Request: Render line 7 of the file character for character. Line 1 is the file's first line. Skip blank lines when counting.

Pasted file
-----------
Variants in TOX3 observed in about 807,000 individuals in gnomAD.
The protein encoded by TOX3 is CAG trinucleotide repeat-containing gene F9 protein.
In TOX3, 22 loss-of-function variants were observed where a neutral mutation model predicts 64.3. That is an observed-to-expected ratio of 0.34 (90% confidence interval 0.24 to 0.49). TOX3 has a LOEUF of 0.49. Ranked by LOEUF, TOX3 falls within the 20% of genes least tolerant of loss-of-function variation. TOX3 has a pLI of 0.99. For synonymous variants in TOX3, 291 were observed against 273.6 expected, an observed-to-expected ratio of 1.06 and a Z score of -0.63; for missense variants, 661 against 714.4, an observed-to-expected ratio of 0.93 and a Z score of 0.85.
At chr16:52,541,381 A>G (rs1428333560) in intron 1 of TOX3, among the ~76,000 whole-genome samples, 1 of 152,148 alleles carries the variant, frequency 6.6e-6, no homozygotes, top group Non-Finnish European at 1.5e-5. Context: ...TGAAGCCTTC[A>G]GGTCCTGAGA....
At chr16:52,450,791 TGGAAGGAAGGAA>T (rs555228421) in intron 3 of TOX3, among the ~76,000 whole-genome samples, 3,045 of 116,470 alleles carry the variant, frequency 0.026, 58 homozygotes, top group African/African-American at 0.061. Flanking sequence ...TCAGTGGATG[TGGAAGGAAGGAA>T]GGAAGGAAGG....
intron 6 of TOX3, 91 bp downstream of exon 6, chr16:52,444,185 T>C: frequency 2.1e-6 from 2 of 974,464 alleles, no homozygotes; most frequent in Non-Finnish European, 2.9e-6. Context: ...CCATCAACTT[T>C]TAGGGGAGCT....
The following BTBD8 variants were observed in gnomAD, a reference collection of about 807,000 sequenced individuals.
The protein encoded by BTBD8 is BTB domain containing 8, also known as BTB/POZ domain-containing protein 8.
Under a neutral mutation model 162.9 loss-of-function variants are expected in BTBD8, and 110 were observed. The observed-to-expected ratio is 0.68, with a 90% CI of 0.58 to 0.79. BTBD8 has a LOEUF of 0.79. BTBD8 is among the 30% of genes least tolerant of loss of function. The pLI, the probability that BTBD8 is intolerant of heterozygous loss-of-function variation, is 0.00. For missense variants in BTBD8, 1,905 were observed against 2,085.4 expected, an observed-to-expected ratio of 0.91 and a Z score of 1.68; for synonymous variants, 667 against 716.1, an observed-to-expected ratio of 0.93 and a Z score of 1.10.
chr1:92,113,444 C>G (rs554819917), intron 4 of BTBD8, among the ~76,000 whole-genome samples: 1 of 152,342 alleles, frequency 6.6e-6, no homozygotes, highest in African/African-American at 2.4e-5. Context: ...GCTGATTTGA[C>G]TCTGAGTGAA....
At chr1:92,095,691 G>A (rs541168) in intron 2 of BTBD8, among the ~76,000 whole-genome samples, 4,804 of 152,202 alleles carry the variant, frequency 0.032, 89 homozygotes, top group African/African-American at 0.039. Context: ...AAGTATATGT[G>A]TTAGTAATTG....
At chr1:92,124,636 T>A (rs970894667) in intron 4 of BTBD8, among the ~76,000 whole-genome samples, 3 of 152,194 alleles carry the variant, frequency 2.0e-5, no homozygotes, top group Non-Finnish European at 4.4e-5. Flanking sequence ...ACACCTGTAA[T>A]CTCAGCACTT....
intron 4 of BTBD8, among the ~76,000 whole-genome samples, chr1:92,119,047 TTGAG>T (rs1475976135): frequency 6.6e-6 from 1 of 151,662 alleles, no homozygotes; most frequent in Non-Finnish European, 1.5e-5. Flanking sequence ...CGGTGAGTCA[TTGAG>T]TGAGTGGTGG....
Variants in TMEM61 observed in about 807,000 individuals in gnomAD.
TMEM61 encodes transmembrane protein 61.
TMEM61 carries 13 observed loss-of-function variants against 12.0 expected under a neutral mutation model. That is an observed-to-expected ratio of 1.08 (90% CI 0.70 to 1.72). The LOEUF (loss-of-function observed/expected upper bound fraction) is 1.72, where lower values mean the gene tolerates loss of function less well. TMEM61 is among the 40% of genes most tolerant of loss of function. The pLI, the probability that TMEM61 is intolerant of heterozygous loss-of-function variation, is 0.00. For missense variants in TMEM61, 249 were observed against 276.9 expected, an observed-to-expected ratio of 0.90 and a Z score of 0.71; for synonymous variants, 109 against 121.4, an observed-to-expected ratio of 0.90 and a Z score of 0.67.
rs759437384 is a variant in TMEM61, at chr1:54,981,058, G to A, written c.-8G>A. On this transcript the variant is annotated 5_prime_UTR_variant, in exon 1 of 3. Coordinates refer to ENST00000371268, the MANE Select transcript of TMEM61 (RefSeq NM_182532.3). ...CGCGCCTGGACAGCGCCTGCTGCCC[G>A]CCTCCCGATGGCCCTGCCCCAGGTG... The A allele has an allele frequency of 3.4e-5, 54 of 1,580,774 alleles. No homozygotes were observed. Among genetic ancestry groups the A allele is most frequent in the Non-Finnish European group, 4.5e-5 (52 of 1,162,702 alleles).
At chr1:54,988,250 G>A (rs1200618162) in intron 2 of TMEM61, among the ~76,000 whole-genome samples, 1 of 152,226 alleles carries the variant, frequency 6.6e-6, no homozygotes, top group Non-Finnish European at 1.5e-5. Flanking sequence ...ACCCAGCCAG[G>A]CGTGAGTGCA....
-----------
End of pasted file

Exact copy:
The following BTBD8 variants were observed in gnomAD, a reference collection of about 807,000 sequenced individuals.